The FINANCIAL -- The Concessional Financing Facility (CFF), an international initiative to address the impacts of the Syrian refugee crisis, announced the first financing today to support refugees and host communities in Jordan and Lebanon. Only three months after a pledging session in Washington, DC that raised over US$140 million in initial grant contributions, and US$1 billion pledged in loans that will separately generate further grant contributions, the facility has been made operational, supporting two projects totaling over US$340 million.
The two projects approved at the first steering committee meeting of the CFF will improve job opportunities for over 200,000 Syrian refugees, and address the urgently needed rehabilitation of municipal infrastructure in Jordan. The economic opportunities project and the Ain Ghazal wastewater project will be supported by the World Bank and the European Bank for Reconstruction and Development (EBRD), respectively, subject to approval by their respective Boards. Moving forward, the objective of the CFF is to raise a total of US$1 billion in grants over the next 5 years in order to provide Jordan and Lebanon with around US$3-4 billion in concessional financing to support refugees and host communities in key sectors such as jobs, education, health and infrastructure. In addition to these two initial projects financed by the CFF, recently the World Bank announced that it would provide US$100 million in concessional financing to Lebanon to improve the quality of its education system and enroll all Lebanese and Syrian refugee children in schools by the end of the 2016-17 school year.
Alain Bifani, Director General of Lebanon’s Ministry of Finance commended the World Bank on its role in coordinating efforts among multilateral development banks and the United Nations to create a source of concessional financing for middle income countries. Bifani underscored that “it is critical to support middle income countries like Lebanon and Jordan with concessional financing given the unprecedented magnitude of the challenge they are faced with, due to the additional pressure of the influx of refugees on the economy.”
The first steering committee meeting of the CFF convened representatives from Japan, the United Kingdom, the United States, Germany, Canada, the Netherlands, Norway and the European Union (EU) – the eight donors who announced pledges to the facility in April 2016, as well as additional observer countries. At the meeting in the Lebanese capital, Beirut, Senior Policy Advisor Monique Bouman from the Dutch Ministry of Foreign Affairs announced that in August of this year the Netherlands will provide the Facility with an additional 15 million Euro for projects in Lebanon, according to The World Bank Group.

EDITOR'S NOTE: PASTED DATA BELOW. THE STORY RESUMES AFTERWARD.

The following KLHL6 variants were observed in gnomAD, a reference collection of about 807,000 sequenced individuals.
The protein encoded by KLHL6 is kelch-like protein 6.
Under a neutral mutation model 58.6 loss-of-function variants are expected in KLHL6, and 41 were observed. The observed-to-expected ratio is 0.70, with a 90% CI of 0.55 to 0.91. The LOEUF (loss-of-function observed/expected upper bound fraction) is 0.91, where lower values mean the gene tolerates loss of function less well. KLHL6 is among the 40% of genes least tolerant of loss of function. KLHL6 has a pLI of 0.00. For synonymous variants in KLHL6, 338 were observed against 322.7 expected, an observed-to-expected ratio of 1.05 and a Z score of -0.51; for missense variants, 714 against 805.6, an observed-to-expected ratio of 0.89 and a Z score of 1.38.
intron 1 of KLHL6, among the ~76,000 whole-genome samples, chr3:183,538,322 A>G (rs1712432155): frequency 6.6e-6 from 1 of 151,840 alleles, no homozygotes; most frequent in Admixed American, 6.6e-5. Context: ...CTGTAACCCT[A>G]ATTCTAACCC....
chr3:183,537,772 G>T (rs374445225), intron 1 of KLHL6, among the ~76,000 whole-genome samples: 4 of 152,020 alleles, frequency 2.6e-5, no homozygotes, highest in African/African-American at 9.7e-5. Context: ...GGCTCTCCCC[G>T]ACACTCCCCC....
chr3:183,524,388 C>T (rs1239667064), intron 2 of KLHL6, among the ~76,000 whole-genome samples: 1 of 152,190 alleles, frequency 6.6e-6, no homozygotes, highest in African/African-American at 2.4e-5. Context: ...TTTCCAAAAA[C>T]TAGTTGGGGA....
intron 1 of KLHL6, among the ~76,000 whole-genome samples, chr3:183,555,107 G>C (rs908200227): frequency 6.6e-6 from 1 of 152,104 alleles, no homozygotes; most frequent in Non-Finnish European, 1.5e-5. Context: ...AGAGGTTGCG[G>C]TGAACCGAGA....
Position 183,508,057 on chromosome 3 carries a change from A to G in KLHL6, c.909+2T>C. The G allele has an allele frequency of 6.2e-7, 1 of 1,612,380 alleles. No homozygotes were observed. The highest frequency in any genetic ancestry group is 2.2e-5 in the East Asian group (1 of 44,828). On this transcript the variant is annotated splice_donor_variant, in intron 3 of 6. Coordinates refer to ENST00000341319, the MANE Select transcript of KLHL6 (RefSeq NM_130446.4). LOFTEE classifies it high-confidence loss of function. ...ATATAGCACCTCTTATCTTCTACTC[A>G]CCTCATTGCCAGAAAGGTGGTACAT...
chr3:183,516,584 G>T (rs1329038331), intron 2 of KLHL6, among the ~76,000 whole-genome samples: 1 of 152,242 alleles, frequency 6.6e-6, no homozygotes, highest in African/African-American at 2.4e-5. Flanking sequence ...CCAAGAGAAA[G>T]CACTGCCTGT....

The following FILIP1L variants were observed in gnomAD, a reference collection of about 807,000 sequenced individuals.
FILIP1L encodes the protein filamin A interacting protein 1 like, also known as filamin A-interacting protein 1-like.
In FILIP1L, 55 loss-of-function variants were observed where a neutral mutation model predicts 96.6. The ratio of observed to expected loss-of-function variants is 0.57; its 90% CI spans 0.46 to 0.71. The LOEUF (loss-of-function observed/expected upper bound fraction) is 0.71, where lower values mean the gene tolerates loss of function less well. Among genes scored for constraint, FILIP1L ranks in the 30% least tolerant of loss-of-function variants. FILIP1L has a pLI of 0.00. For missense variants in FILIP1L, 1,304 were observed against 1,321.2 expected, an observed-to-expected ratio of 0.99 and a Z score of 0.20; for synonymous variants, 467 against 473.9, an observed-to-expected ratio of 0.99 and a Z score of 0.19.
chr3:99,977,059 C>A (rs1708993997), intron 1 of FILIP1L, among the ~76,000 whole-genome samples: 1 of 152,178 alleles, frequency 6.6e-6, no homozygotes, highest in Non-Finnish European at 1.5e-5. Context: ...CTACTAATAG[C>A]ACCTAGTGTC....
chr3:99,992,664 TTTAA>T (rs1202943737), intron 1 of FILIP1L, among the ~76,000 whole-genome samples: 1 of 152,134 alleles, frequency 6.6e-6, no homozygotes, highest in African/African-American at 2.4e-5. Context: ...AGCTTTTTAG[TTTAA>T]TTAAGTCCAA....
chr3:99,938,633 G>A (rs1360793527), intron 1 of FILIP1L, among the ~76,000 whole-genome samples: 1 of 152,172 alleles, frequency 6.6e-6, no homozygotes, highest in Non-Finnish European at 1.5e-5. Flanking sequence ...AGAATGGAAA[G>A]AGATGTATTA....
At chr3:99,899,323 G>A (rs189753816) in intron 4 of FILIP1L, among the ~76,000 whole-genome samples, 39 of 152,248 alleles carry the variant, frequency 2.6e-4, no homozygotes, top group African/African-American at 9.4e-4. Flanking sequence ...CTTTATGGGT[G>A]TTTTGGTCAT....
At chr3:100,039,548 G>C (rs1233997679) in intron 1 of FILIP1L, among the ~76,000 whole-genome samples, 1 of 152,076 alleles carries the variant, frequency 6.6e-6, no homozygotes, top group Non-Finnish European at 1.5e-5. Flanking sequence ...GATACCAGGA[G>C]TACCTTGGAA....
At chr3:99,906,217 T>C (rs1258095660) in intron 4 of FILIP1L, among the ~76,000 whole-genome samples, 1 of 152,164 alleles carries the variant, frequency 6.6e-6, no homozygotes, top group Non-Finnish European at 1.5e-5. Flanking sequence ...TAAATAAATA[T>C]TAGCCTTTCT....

The facility also brought together representatives from various multilateral development banks and the United Nations in order to strengthen the critical nexus between humanitarian and development assistance, and ensure a coordinated international response to the Syrian refugee crisis.
“Dealing with long-term displacement crises requires innovative responses. Humanitarian support and development assistance need to be coordinated in order to increase the capacity of host communities and institutions from day one,” said Philippe Lazzarini, United Nations Resident and Humanitarian Coordinator in Lebanon. “Through close coordination and collaboration with the World Bank and other partners and donors, important concessional development assistance will be available for Lebanon to improve economic conditions, create jobs and transform the crisis into new opportunities.”
Jordan and Lebanon also presented their respective pipelines of projects that could potentially benefit from concessional financing through the facility. Furthermore, both countries provided an overview of how they will ensure that operations targeting refugees and host communities are well coordinated among development institutions, the United Nations, and the wider donor community.
“This facility will play a significant role in contributing to building the resilience of Jordan’s host communities and boost economic growth so that we are able to provide basic services and economic opportunities to both Jordanians and Syrian refugees,” said Saleh Kharabsheh, Secretary General at the Ministry of Planning and International Cooperation in Jordan.
Going forward the overall goal of the CFF is to provide critical medium- and long-term development support to refugee populations as well as impacted host communities in Jordan and Lebanon. Richard Teuten, Deputy Director of International Financial Institutions Department at the United Kingdom’s Department for International Development, said, “The CFF represents an effective way for the international community to collectively address the effects of refugee crises faced by these two middle income countries. It is an innovative way to address the longer term development needs, not only of refugees but also those hosting them.”
“It is critical that today we begin to finance projects to support vulnerable populations in Jordan and Lebanon,” added Franck Bousquet, World Bank Director for Regional Programs and Partnerships in the Middle East and North Africa, “these countries have made enormous sacrifices to meet the global responsibility of providing refuge from conflict, and it is vital that the international community unite to provide the long term support that will help them both withstand shocks and continue to develop and prosper.”
Conflicts and instability across the Middle East and North Africa (MENA) region have caused over 15 million people to flee their homes over the past five years. This has taken an enormous humanitarian and economic toll on the MENA region, representing as well the largest forced displacement crisis since World War II.